odds (n.)

in wagering, "equalizing allowance to a weaker side or player by a stronger, advantage conceded by one of the parties in proportion to the assumed chances in his favor," 1590s, found first in Shakespeare ("2 Henry IV," 1597), probably from the word's earlier sense of "condition of inequality, difference, amount by which one thing exceeds or falls short of another" (1540s), from odd (q.v.), though the exact sense evolution is uncertain. Odds was used for "unequal things, matters, or conditions" from c. 1500, and the later senses may have evolved generally from this earlier notion of "things that don't come out even."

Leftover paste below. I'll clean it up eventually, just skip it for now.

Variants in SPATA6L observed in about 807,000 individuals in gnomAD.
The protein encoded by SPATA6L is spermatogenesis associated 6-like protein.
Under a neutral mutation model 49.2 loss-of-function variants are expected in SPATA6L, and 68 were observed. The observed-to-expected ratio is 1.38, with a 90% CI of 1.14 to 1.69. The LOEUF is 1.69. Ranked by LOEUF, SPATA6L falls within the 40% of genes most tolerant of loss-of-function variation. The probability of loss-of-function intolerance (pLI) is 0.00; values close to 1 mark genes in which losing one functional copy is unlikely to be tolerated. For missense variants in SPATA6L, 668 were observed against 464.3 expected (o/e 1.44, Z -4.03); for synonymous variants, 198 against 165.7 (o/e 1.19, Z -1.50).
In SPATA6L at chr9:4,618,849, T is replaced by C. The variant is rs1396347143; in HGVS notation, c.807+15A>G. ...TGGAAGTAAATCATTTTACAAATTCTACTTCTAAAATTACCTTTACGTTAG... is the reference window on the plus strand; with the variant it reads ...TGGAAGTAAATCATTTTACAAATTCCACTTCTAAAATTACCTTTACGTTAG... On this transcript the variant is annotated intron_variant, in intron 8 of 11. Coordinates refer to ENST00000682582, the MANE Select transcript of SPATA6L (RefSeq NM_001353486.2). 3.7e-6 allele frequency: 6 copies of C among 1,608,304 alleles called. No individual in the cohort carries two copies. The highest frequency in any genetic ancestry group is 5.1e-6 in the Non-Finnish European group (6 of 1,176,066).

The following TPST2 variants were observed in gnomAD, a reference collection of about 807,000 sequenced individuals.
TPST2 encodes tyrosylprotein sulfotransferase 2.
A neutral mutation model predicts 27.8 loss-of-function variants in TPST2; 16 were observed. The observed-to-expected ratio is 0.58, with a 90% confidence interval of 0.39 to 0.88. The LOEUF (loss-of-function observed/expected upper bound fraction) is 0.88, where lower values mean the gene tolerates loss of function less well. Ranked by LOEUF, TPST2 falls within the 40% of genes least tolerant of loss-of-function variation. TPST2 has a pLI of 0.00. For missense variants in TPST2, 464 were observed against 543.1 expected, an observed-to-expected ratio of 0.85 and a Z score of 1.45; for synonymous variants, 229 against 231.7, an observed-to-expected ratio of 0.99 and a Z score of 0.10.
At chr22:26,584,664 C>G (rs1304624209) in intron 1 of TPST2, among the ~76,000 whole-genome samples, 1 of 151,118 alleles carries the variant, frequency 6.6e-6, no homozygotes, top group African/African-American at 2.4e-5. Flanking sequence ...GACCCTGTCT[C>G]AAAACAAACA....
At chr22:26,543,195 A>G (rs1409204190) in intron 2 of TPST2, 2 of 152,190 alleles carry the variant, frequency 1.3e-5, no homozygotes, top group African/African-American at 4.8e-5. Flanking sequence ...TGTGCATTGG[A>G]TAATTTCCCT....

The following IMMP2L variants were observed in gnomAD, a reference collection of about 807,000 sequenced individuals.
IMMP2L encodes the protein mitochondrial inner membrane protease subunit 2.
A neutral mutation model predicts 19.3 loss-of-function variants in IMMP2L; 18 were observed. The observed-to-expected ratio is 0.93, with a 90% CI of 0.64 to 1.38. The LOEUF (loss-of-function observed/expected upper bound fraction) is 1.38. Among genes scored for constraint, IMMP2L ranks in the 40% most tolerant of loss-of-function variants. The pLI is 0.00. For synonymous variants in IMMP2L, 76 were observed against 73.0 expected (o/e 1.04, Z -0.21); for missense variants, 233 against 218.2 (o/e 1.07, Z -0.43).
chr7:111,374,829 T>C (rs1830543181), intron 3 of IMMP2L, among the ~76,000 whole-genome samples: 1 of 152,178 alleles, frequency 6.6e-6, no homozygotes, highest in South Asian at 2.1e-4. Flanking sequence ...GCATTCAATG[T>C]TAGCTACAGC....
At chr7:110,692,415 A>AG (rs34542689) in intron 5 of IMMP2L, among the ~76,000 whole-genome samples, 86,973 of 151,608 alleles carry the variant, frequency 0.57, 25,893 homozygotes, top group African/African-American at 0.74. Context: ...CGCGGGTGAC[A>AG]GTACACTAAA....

Until 19c. treated as a singular, though obviously a plural (compare news). General sense of "chance or balance of probability in favor of something happening" is by 1580s. Sense of "disagreement, variance, strife" (1580s) is the notion in at odds "at controversy or quarrel, unable to agree." Odds-on "on which the odds are laid" is by 1890.

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